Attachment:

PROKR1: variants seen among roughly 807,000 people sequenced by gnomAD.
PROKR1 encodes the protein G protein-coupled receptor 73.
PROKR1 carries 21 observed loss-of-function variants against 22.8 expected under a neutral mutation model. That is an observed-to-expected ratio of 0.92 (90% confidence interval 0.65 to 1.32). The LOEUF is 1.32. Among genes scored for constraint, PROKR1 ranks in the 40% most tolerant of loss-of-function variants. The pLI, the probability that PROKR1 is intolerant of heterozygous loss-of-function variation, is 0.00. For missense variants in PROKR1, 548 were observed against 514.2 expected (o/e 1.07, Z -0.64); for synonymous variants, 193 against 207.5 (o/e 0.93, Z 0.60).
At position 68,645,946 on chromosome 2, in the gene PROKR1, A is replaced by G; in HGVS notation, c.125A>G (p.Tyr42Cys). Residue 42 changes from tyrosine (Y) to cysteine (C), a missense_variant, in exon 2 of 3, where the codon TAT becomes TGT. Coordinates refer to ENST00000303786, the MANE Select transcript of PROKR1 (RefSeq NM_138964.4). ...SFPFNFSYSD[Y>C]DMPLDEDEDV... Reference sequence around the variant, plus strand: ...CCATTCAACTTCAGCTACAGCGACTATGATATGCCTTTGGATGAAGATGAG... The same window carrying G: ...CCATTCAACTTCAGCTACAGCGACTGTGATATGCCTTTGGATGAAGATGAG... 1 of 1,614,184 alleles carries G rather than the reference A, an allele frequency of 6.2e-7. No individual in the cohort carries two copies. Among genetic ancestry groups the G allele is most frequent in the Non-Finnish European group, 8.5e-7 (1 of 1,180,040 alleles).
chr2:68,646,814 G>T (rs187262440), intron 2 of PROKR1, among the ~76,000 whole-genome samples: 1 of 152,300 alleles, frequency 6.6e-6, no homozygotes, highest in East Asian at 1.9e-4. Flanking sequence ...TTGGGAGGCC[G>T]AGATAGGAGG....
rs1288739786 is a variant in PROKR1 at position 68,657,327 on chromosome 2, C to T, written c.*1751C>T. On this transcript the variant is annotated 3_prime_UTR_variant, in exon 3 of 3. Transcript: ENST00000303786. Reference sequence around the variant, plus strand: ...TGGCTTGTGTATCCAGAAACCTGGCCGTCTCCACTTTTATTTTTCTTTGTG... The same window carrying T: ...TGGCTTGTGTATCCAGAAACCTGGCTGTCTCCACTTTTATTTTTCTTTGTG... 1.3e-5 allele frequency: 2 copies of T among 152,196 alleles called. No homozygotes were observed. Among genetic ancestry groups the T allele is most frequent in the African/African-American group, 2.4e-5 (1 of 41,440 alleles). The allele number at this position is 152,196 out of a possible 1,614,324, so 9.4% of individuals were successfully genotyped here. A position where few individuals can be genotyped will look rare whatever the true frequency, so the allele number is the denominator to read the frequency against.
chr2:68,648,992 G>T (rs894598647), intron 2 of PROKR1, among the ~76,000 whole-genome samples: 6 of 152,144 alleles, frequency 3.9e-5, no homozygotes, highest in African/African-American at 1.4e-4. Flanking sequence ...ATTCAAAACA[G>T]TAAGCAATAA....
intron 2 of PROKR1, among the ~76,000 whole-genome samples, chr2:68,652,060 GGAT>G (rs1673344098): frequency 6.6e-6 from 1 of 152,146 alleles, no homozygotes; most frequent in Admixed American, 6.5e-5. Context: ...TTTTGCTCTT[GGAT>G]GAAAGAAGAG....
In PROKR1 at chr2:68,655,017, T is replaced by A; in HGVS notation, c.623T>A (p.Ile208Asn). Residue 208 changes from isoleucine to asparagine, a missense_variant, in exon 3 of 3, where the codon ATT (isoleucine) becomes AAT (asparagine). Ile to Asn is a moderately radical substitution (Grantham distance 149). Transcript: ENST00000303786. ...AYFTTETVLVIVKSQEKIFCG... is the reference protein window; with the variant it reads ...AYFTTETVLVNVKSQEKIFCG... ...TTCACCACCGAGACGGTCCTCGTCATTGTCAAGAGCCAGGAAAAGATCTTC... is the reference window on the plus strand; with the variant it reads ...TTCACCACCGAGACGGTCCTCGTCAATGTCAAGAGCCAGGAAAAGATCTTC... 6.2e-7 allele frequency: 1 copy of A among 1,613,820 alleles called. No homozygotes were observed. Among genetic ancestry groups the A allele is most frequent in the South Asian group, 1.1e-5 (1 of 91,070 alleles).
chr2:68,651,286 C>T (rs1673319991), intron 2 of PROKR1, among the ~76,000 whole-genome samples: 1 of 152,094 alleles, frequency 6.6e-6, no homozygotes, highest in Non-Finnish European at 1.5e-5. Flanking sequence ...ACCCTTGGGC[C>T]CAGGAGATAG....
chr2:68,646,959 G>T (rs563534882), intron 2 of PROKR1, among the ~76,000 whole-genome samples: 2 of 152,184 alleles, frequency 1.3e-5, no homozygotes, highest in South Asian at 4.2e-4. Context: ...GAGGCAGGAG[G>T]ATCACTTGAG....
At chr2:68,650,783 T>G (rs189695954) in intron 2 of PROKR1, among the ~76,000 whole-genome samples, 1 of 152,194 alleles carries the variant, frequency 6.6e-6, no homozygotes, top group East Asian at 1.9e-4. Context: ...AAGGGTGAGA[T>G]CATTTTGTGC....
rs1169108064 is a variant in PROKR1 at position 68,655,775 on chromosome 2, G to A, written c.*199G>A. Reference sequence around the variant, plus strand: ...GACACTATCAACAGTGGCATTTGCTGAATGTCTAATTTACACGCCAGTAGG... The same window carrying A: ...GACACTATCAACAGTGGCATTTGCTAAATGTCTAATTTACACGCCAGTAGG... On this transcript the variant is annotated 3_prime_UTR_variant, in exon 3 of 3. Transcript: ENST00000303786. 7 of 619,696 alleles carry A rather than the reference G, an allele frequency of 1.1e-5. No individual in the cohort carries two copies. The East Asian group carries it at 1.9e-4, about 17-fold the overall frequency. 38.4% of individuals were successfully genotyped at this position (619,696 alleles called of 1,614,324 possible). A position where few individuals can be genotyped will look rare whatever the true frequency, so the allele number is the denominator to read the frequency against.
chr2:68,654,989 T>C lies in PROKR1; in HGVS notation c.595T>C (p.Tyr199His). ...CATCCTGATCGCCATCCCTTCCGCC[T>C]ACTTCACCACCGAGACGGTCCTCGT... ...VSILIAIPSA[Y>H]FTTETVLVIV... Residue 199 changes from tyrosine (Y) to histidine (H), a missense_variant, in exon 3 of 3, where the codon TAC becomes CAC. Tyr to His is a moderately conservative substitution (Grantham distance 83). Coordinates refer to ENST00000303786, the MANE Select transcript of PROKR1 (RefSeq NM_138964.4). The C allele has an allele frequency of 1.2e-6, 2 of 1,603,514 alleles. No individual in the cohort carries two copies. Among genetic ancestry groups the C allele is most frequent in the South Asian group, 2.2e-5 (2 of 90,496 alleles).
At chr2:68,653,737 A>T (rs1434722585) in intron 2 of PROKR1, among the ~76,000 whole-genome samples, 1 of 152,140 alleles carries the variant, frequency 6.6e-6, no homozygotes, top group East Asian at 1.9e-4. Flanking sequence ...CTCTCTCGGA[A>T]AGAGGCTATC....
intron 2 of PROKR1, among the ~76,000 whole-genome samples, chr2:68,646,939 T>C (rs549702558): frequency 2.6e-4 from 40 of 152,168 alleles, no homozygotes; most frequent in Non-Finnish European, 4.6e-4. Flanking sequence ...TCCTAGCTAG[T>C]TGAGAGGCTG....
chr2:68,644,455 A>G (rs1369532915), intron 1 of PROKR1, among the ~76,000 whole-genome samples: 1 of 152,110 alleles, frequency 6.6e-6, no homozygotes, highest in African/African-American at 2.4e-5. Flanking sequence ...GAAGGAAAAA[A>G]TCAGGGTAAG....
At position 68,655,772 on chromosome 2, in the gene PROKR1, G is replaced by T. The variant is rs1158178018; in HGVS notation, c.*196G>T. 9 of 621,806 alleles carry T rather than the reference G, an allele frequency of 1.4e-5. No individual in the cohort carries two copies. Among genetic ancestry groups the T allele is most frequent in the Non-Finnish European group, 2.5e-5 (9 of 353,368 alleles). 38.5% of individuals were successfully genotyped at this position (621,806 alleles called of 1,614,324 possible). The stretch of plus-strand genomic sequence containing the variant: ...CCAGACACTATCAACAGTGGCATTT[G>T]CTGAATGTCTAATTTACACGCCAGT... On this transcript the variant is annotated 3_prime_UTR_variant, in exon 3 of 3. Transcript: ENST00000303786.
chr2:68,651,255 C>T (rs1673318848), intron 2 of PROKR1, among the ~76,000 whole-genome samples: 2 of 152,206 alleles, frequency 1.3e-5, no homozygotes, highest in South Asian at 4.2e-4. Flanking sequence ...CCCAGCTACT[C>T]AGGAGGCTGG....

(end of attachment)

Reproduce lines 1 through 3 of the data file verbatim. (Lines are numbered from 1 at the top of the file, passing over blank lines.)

PROKR1: variants seen among roughly 807,000 people sequenced by gnomAD.
PROKR1 encodes the protein G protein-coupled receptor 73.
PROKR1 carries 21 observed loss-of-function variants against 22.8 expected under a neutral mutation model. That is an observed-to-expected ratio of 0.92 (90% confidence interval 0.65 to 1.32). The LOEUF is 1.32. Among genes scored for constraint, PROKR1 ranks in the 40% most tolerant of loss-of-function variants. The pLI, the probability that PROKR1 is intolerant of heterozygous loss-of-function variation, is 0.00. For missense variants in PROKR1, 548 were observed against 514.2 expected (o/e 1.07, Z -0.64); for synonymous variants, 193 against 207.5 (o/e 0.93, Z 0.60).